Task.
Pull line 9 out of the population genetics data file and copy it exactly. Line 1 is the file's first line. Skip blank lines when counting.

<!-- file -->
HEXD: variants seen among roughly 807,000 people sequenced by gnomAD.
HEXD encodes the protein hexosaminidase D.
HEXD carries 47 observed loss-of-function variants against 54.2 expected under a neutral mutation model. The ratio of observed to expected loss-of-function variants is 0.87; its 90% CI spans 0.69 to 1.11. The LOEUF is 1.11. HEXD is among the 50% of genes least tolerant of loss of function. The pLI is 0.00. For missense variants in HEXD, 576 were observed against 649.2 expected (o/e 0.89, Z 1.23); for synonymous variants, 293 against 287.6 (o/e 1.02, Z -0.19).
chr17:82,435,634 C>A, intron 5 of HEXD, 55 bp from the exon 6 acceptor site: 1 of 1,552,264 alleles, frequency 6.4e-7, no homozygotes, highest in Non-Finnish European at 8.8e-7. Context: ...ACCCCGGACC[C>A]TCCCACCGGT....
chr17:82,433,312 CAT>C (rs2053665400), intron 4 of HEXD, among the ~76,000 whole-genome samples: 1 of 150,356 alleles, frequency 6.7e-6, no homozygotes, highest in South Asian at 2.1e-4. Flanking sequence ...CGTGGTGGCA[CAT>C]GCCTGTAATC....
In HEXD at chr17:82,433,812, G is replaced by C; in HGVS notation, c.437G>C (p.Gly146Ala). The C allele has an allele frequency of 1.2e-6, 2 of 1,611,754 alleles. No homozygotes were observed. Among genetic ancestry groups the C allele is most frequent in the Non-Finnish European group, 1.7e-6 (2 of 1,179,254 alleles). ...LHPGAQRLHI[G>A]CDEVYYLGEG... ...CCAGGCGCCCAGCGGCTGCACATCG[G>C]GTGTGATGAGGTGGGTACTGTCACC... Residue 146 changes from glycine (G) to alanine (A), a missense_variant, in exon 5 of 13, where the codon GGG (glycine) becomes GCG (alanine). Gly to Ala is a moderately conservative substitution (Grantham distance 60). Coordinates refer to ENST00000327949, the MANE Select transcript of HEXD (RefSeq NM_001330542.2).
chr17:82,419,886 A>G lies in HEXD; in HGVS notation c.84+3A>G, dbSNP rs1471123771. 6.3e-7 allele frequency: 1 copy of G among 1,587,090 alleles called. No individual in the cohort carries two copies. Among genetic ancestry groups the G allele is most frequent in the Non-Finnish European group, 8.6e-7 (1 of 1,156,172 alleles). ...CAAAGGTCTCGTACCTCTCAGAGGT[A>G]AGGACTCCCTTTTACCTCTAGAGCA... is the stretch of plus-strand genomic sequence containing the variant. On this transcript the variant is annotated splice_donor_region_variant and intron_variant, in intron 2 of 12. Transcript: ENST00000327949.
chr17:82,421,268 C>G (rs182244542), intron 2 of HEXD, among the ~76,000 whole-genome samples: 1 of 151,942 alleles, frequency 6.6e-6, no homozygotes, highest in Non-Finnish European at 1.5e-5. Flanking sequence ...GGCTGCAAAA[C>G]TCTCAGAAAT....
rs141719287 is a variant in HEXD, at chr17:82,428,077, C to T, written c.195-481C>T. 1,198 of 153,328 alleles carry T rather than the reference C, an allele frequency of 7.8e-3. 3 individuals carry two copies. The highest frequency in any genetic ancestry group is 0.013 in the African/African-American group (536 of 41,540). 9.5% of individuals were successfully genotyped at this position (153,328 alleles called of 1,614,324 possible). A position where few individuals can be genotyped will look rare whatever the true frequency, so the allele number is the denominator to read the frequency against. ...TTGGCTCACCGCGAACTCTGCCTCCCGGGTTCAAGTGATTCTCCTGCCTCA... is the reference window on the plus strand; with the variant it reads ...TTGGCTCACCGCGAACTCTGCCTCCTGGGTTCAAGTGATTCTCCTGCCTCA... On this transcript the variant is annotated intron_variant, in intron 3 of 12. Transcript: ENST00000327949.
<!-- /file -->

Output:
rs141719287 is a variant in HEXD, at chr17:82,428,077, C to T, written c.195-481C>T. 1,198 of 153,328 alleles carry T rather than the reference C, an allele frequency of 7.8e-3. 3 individuals carry two copies. The highest frequency in any genetic ancestry group is 0.013 in the African/African-American group (536 of 41,540). 9.5% of individuals were successfully genotyped at this position (153,328 alleles called of 1,614,324 possible). A position where few individuals can be genotyped will look rare whatever the true frequency, so the allele number is the denominator to read the frequency against. ...TTGGCTCACCGCGAACTCTGCCTCCCGGGTTCAAGTGATTCTCCTGCCTCA... is the reference window on the plus strand; with the variant it reads ...TTGGCTCACCGCGAACTCTGCCTCCTGGGTTCAAGTGATTCTCCTGCCTCA... On this transcript the variant is annotated intron_variant, in intron 3 of 12. Transcript: ENST00000327949.